Parameterized systems consist of an arbitrary number of replicated agents with limited computational power, interacting to achieve common goals. They pervade computer science. Classical examples include families of digital circuits, distributed algorithms for leader election or byzantine agreement, routing algorithms, and multithreaded programs. Modern examples exhibit stochastic interaction between mobile agents, and include robot swarms, molecular computers, and cooperating ant colonies.
A parameterized system is in fact an infinite collection of systems, one for each number of agents. Current verification technology of industrial strength can only check correctness of a few instances of this collection. For example, model checkers can automatically prove a distributed algorithm correct for a small number of processes, but not for any number. While substantial progress has been made on the theory and applications of parameterized verification, in order to achieve large impact the field has to face three ``grand challenges'':
- Develop novel algorithms and tools for p-verification of classical p-systems that bypass the high complexity of current techniques.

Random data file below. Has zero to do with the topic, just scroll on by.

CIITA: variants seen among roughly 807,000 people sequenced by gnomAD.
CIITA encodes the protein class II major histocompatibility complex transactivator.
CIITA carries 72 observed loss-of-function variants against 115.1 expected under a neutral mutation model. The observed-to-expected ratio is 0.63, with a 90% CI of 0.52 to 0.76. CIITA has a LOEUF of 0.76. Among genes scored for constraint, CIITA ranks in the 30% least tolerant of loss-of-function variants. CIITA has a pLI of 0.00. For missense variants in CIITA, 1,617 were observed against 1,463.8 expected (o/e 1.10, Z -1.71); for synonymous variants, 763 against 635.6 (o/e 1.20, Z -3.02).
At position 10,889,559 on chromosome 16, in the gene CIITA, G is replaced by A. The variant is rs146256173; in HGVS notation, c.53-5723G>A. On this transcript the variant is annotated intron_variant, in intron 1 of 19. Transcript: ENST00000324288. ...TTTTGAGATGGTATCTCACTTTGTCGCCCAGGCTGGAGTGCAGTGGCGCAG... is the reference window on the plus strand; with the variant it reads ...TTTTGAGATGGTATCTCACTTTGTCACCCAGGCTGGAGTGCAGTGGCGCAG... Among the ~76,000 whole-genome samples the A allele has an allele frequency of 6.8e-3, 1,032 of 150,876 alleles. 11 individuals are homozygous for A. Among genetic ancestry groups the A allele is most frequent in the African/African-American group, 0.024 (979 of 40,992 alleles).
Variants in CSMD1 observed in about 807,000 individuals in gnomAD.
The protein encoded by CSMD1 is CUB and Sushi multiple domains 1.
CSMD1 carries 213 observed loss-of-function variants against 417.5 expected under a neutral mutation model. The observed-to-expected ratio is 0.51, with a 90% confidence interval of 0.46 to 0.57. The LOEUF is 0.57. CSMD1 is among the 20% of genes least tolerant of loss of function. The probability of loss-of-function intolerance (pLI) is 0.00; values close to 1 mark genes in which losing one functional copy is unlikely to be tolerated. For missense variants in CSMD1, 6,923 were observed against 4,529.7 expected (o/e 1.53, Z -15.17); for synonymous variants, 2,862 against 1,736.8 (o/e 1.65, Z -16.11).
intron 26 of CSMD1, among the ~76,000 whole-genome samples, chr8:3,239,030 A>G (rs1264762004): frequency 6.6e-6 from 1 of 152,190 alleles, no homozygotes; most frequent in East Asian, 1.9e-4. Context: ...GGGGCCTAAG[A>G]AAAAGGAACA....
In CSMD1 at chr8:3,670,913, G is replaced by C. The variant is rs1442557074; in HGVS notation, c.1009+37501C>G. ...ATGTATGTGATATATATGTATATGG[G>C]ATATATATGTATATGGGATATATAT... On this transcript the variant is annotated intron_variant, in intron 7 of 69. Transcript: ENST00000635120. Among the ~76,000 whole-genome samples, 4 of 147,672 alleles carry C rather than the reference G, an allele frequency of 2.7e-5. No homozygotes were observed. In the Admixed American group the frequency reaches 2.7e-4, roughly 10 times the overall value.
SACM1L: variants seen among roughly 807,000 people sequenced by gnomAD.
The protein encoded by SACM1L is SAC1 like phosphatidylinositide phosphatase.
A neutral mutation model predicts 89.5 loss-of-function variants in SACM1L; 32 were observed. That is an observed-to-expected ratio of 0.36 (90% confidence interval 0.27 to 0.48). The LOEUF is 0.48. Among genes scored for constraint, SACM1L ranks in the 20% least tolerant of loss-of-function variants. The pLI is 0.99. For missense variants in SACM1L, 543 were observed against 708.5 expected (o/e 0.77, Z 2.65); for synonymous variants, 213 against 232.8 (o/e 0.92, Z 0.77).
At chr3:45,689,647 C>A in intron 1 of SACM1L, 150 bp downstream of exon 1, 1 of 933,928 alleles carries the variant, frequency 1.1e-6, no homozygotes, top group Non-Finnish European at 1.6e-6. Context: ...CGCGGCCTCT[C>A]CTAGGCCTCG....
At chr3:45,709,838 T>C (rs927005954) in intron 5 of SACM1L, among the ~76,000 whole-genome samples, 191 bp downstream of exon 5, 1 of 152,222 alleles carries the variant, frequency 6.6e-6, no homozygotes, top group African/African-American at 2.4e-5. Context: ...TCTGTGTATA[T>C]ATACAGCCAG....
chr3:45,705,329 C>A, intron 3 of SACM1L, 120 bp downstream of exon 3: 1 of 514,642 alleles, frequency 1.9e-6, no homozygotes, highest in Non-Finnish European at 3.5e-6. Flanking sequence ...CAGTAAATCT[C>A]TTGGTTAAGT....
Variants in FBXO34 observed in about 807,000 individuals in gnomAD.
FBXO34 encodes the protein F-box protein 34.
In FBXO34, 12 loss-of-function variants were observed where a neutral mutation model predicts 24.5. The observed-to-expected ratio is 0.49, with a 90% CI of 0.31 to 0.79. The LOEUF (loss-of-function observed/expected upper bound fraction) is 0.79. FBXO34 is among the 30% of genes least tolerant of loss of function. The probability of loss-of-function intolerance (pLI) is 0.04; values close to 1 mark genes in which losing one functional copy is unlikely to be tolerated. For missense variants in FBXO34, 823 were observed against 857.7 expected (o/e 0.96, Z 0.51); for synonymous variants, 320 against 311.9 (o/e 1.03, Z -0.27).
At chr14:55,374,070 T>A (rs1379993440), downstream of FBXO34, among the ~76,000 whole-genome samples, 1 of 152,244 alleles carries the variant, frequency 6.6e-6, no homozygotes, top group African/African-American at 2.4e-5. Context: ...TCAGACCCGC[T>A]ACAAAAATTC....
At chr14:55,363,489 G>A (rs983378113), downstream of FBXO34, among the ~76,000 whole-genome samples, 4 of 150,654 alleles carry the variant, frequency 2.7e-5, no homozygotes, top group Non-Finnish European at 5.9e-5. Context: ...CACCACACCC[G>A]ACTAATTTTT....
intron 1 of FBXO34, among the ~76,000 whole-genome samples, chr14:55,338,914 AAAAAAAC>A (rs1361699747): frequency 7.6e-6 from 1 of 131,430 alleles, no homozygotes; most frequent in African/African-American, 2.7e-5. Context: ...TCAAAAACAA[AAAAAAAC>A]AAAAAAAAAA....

-Develop the first algorithms and tools for p-verification of modern stochastic p-systems.
-Develop the first algorithms and tools for synthesis of correct-by-construction p-systems.
Addressing these challenges requires fundamentally new lines of attack. The starting point of PaVeS are two recent breakthroughs in the theory of Petri nets and Vector Addition Systems, one of them achieved by the PI and his co-authors. PaVeS will develop these lines into theory, algorithms, and tools for p-verification and p-synthesis, leading to a new generation of verifiers and synthesizers.
Fields of science
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